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I love when spring comes and all the fruits and vegetables you missed over the winter come into season. I especially miss watermelon. There are all sorts of watermelon flavored things, but they are just not the same, and who knows what’s really in them.
Last year, I found a great recipe from Jeff Potter’s book, Cooking for Geeks, for a watermelon and feta cheese salad. It was an experiment in sweet salty that I made one of the times I was Guest Chef at Ascencia in Glendale.
Spane had gotten a good report card and had requested Jambalaya for dinner. It’s spicy food, and with Global Warming Climate Change giving us warm nights already, we needed something to cool down our selves and our palates. I was reminded of the watermelon salad I made last year, and it was time to make another.
Bathroom organization always seems to be a challenge. Usually, there isn’t much storage, so you are left with thinking of creative ways of storing all the things that have their home in the bathroom. In an apartment, you usually have a medicine cabinet above the sink, and some kind of storage under the sink. Often, there isn’t room to put much else. An over the toilet rack system is popular, but occasionally there isn’t room for one of those either. Things seem to get lost in the bathroom, even when you find a place for them to live, they still get lost, especially small things.
Under the Sink
The area under the sink always seems to get disorganized and since it’s dark and low on the ground, you never seem to want to deal with it, so it gets worse. My neighbor gave me a large dish rack that sat around waiting for an assignment. I knew there was something that dish rack was good for, and I was right. The containers for the cutlery work perfectly for holding my blow drier and large hair brush. The rack part is perfect for holding all the other stuff, bottles, rollers, etc.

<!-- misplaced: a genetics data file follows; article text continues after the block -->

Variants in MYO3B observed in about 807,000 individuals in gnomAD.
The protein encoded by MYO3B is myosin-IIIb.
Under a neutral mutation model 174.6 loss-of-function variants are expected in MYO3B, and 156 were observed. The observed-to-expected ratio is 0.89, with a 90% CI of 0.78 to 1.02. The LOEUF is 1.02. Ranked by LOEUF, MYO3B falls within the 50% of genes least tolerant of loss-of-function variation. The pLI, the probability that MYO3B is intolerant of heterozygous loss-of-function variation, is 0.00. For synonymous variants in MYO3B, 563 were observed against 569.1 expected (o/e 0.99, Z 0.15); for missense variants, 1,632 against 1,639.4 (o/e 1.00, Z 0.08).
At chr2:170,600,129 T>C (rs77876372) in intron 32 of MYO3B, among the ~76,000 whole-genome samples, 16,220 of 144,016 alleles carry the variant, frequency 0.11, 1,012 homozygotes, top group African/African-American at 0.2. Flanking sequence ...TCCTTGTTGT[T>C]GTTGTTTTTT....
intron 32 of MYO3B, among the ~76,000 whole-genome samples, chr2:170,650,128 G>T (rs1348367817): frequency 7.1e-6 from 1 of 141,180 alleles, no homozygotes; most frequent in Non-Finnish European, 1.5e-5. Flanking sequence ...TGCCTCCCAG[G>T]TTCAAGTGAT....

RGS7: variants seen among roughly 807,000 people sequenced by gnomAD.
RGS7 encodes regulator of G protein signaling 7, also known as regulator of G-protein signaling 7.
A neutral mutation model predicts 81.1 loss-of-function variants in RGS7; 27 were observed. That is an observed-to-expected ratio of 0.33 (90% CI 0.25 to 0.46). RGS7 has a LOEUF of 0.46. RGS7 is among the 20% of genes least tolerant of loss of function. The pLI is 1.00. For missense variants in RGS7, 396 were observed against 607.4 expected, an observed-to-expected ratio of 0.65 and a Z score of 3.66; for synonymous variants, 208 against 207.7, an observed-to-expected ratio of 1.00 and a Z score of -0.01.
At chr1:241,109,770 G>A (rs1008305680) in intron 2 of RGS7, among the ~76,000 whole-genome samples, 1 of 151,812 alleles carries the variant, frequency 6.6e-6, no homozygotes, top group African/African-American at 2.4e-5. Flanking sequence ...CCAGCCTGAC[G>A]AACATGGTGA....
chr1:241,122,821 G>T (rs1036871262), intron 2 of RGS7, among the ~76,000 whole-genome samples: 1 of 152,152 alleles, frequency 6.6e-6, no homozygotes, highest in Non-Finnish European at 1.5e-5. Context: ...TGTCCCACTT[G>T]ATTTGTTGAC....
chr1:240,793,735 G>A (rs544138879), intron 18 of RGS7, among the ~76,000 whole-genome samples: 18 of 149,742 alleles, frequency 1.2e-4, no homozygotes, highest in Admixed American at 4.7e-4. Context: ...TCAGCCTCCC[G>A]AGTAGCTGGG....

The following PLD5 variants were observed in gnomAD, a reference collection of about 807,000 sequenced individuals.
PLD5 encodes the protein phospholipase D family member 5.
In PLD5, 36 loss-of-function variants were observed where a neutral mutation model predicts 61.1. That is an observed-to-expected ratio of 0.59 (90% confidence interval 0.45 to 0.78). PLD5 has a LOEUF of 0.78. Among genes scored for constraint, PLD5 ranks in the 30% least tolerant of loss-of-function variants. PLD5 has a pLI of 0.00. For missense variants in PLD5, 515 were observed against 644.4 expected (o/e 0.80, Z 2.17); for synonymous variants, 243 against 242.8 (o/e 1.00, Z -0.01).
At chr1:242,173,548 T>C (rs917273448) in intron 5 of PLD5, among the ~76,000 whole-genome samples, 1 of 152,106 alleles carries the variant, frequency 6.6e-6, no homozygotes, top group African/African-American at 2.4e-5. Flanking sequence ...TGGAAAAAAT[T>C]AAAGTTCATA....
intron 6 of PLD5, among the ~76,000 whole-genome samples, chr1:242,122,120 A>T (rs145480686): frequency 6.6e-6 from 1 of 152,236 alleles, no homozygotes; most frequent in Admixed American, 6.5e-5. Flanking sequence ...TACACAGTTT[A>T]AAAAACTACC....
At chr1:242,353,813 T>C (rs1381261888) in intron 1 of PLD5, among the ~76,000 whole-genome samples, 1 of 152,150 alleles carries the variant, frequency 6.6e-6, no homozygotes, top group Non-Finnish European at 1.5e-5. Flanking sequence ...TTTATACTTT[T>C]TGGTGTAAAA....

Small Things Get Lost
Having trouble finding the tweezers, or the nail clipper? No problem. I love magnets. You can stick them to the door of the medicine cabinet and put tweezers, nail clippers, or other small metal things on them. Now your small metal objects are easy to find, easy to put away, and take up virtually no room.
For Your Health
You might have noticed some of the things we have in our medicine cabinet, and think some of that might belong in the kitchen. Well, I am a great believer in natural and holistic healing. We keep olive oil in the bathroom to use on our skin.
- Olive oil has all kinds of benefits for your skin, and it’s non-toxic. Unlike some other lotions, if you eat some, that’s good for you, too.
- Eucalyptus oil is a wonderful thing to have in your house. Not only does it have a wonderful, clean scent, it’s also good for colds and aches and pains. Bugs really don’t like it – so a few drops in cabinets, on window sills and door jams will keep small creatures outside where they’re supposed to be.
- Vapor rub – Not Vicks! Look in your pharmacy for an all natural vapor rub that does not use petroleum jelly. The one we have uses sunflower oil that is not GMO.
- Almond Extract – I don’t keep it in the bathroom because I use it for cooking more often. If you have an acid stomach, look no further than almond extract. Just a small drop on your tongue will neutralize the acid in your stomach, almost immediately. One bottle of almond extract will last you at least a few months, so it’s much less expensive than over-the-counter anti-acid drugs, and does a better, faster job.
Recipes in this Post
I will admit I have been remiss at not sharing this recipe earlier. As I was going through photos that my friend sent me from Memorial Day, I happened upon this one, and forgot that I had never shared this with any of you. This dish is so simple, great as an appetizer, or you could have it with rice and something green as a main dish. I actually made this on my Weber, but you could also make it on the stove top.
I subscribe to Saveur Magazine‘s digital edition, and was thrilled to find this recipe in their June/July edition. I adapted it to the ingredients I had available, and it was fantastic.
Recipes in this Post
Why would anyone want to write about Thousand Island Dressing? It’s yucky! It’s that reddish stuff that sits on the salad bar and congeals because no one wants it, and rightly so. It’s the “secret” sauce on the Big Mac, and has become so common that you probably don’t even notice it on your sandwich anymore. That’s a pity, because this is a grand dame of salad dressings with an interesting and honorable history.